The Harry Potter Reread: The Order of the Phoenix, Chapters 13 and 14

The Harry Potter Reread was told that this coffee was lightly sweeten with brown-sugar syrup, and is perplexed to find that this coffee is not sweet at all. Mutiny. On the upside, this coffee is still pretty delicious.

Today we’re going to watch our fifteen-year-old hero suffer through torture and have an unfortunately tense conversation with a fugitive animagus. It’s chapters 13 and 14 of The Order of the Phoenix—Detention With Dolores and Percy and Padfoot.

Index to the reread can be located here! Other Harry Potter and Potter-related pieces can be found under their appropriate tag. And of course, since we know this is a reread, all posts might contain spoilers for the entire series. If you haven’t read all the Potter books, be warned.

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Series: The Harry Potter Reread

Please Won’t You Be My Huge Green Rage Neighbor

Long before Bruce Banner was fighting Chitauri and Ultron robots, he paid a visit to the Neighborhood of Make-Believe to talk to kids about fears and superheroes. And take adorable photos like this one with Bill Bixby and Mister Rogers himself. Forget lullabies—Mister Rogers is the man to help you stop from Hulking out.

Afternoon Roundup is sitting in a lunch box, far above the world—home space ball is blue, and there’s nothing we can do. In the meantime, we bring you the Fury Road art that demanded to be drawn, and one way to count down to The Force Awakens.

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Imagination and Wish Fulfillment in Michael Ende’s The Neverending Story

Show of hands—who’s seen The Neverending Story? Okay, great. Now, who’s actually read the book?

An 80s children’s classic, chances are you’ve seen the movie or at least heard of it. And if you’re a child of the 80s like me, it may very well have a treasured place in the corner of your heart reserved for your favorite childhood nostalgia. While I loved the movie as a kid, it was only years later as an adult, when I chanced to pick up a copy of the book at my local library, that I learned there’s far more to the story than what I saw on the screen.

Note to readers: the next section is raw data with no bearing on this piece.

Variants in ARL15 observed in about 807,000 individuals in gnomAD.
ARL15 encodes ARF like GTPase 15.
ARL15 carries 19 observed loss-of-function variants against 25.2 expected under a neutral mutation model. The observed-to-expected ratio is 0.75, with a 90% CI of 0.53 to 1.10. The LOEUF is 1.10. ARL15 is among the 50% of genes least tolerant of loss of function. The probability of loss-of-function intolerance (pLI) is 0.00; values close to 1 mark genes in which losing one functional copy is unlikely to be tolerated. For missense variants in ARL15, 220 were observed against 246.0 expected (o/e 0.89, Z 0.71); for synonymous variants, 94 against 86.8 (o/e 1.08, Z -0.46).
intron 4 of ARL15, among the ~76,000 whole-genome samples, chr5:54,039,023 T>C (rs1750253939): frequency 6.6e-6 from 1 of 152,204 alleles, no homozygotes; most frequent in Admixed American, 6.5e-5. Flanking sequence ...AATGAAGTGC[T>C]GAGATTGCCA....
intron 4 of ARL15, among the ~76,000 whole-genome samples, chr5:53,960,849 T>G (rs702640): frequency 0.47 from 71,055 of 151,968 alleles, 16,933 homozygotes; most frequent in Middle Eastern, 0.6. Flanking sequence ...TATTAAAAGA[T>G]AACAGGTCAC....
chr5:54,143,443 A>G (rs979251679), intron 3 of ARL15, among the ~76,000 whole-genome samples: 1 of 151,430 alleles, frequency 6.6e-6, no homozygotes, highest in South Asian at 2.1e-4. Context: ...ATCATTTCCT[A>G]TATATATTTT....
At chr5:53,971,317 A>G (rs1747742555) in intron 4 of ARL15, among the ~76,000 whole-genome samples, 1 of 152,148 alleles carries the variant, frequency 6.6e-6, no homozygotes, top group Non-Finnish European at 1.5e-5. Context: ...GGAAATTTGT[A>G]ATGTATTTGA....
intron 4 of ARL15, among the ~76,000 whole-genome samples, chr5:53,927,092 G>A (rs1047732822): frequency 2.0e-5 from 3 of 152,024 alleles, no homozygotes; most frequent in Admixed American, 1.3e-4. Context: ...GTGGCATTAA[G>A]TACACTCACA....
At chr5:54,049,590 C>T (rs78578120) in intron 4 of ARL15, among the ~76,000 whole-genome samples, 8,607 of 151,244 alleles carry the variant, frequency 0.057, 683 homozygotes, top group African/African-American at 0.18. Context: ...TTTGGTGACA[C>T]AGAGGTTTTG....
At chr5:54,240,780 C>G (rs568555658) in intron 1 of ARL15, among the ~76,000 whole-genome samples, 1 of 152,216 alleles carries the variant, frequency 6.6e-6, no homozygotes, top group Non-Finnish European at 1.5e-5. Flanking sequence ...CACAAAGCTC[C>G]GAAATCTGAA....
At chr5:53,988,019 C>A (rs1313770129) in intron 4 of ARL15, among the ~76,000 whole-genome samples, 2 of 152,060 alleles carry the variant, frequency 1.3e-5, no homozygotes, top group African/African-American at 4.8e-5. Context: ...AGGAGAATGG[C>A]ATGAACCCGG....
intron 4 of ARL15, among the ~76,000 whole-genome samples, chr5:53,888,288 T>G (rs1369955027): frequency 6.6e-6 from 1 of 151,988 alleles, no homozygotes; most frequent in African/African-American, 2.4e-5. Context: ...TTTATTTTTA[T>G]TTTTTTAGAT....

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Series: That Was Awesome! Writers on Writing

A Read of Ice and Fire: A Dance With Dragons, Part 22

Welcome back to A Read of Ice and Fire! Please join me as I read and react, for the very first time, to George R.R. Martin’s epic fantasy series A Song of Ice and Fire. Today’s entry is Part 22 of A Dance With Dragons, in which we cover Chapter 37 (“The Prince of Winterfell”) and Chapter 38 (“The Watcher”).

Previous entries are located in the Index. The only spoilers in the post itself will be for the actual chapters covered and for the chapters previous to them. As for the comments, please note that the Powers That Be have provided you a lovely spoiler thread here on Any spoileriffic discussion should go there, where I won’t see it. Non-spoiler comments go below, in the comments to the post itself.

And now, the post!


Series: A Read of Ice and Fire

Words of Radiance Reread: Chapter 40

Welcome back to the Words of Radiance Reread on! Last week, feasting in the Davar home was less than agreeable for all parties. This week, things are much more congenial as Shallan finds her temporary home in the warcamps.

This reread will contain spoilers for The Way of Kings, Words of Radiance, and any other Cosmere book that becomes relevant to the discussion. The index for this reread can be found here, and more Stormlight Archive goodies are indexed here. Click on through to join the discussion.

[What had they made the thing out of? Air and wishes?]

Series: Words of Radiance Reread on

The SFF Book Covers You Remember Most Vividly

What is it about a cover that grabs you? Maybe it’s a glimpse into a fantastical land, or a style of art you’ve never seen before, or a figure on the cover who is particularly compelling (or hilarious). We asked you to share the SFF book covers dynamic, unexpected, and baffling enough that they’ve remained imprinted in your memories decades after you first picked them up off the shelf.